Daniel Newberry September 19, 2012 TWEET COMMENTS 7

The Man Behind Unbreakable - Page 2


It took five more years and a personal introduction to trail running before the PCT became a subject for Benna’s first feature film.

Says Benna, “One of my hiking partners was into ultras, so I watched the Baldy Peak 50K. And I thought, ‘If I can hike 30 miles in a day, then I can mix in some running and do a 50K race.’” It was 2003 and Benna ran trails for three months to prepare for his first ultra, the Ridge Crest 50K.

Through the ultra community, Benna heard about ultrarunning legend David Horton, who was training to become the first person to run the entire PCT, in 2005. Benna seized the opportunity he had waited for to finish his five-year-old dream of a film about the PCT.  He signed on as both Horton’s crew and cameraman.

To capture Horton’s 66-day journey, Benna hiked, ran and drove thousands of miles, much of it carrying a 10-pound camera, as well as food to resupply Horton.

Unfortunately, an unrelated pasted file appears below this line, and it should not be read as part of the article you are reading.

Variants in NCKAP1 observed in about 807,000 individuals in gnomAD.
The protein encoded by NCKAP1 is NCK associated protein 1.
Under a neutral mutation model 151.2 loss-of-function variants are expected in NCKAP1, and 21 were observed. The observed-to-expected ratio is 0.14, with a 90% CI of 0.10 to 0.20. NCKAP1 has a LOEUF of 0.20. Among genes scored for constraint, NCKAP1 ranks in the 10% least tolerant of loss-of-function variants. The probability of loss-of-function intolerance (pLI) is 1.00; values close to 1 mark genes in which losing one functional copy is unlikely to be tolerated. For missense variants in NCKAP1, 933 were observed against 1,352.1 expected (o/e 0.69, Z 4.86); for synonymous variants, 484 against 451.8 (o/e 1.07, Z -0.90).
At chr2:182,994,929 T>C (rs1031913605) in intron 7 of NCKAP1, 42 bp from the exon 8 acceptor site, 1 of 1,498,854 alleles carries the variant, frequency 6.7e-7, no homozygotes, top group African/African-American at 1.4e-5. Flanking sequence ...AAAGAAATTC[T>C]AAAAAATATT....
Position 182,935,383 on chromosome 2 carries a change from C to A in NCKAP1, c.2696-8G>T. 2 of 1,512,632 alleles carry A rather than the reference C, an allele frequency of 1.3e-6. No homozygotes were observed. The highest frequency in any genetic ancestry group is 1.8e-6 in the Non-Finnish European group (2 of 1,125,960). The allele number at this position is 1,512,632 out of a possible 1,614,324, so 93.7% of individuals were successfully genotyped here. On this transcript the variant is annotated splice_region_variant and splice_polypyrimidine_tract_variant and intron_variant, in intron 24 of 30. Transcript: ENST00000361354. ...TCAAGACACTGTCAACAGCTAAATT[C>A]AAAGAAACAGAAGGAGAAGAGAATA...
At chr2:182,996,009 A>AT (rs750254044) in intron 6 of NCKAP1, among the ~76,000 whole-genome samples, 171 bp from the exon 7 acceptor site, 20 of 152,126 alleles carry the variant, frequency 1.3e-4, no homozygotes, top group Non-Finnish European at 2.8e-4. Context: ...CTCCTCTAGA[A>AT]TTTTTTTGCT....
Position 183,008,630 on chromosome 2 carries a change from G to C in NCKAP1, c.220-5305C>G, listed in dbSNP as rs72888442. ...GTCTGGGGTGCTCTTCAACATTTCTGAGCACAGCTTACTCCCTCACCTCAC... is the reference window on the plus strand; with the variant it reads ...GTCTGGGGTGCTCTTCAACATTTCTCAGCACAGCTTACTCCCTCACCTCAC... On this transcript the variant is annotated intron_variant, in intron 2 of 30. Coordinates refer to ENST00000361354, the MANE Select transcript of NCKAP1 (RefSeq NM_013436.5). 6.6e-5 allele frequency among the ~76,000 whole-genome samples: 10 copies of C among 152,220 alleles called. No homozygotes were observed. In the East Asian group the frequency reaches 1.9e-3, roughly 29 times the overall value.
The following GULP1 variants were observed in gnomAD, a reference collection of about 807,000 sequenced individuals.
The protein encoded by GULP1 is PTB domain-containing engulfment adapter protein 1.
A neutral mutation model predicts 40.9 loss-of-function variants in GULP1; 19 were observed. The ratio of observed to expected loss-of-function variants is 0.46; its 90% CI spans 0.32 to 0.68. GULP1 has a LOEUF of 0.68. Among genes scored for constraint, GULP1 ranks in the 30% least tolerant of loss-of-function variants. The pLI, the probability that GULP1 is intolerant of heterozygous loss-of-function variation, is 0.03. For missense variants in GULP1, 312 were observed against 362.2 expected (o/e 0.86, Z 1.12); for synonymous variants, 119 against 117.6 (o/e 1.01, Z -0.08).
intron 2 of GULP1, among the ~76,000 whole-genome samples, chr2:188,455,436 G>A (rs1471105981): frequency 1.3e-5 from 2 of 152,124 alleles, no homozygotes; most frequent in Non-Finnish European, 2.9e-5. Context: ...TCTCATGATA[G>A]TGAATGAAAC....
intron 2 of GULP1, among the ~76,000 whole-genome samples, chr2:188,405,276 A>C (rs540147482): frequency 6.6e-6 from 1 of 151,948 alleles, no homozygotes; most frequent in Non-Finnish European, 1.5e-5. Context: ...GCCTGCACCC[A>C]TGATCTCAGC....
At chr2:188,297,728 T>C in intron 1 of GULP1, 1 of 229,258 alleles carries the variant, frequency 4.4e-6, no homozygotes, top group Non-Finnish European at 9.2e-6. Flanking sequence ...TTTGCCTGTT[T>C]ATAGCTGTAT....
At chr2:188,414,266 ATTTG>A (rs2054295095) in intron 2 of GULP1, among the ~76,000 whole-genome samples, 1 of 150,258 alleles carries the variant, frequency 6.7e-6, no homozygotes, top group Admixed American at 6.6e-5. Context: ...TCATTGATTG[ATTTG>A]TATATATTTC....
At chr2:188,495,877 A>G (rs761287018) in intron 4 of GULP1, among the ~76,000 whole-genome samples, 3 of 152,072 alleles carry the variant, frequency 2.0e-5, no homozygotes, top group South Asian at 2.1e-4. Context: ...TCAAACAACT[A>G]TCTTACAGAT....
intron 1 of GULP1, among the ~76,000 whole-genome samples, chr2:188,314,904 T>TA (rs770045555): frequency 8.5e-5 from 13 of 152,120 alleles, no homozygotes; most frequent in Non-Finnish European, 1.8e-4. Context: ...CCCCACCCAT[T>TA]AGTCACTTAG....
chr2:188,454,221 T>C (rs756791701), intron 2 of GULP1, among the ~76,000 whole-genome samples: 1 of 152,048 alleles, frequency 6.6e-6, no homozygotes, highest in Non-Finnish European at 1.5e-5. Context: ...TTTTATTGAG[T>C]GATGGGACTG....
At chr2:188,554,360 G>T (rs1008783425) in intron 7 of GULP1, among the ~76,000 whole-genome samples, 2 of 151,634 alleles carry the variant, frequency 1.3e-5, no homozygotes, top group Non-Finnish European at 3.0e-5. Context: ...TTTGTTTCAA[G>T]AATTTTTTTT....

“Benna understands the emotions of doing a long journey,” says Horton. “He asks very probing questions, because he knows about the difficulty, the mental pressure and mental toughness it takes to do those things.”

The result was The Runner, a film that won awards at four film and music festivals the following year.

In Unbreakable, Benna’s sensitivity and understanding are most clear in his treatment of the race’s eventual winner, Geoff Roes. He follows one of Roe’s rivals, the night before the race, eating in a fancy restaurant and whooping it up with friends. In a deftly crafted contrast, the film cuts to the solitary Roes not long before the race, camping in the woods, preparing pasta in his cook kit and contemplating the monumental task at hand.

Benna has a personal motive embodied in his company’s mission statement for choosing his subject matter: “… raising awareness for conservation, simpler living, and greater appreciation of the world.”

“I love being outdoors,” says Benna. “I want to inspire people to get out there, to share stories of simple living.”

As more people see his films, especially Unbreakable, that mission is being furthered in another way. Says Benna, “Many of the showings have been held as fundraisers for non-profits. So far the film has helped raise almost $40,000, and much of it is to preserve trail systems.”



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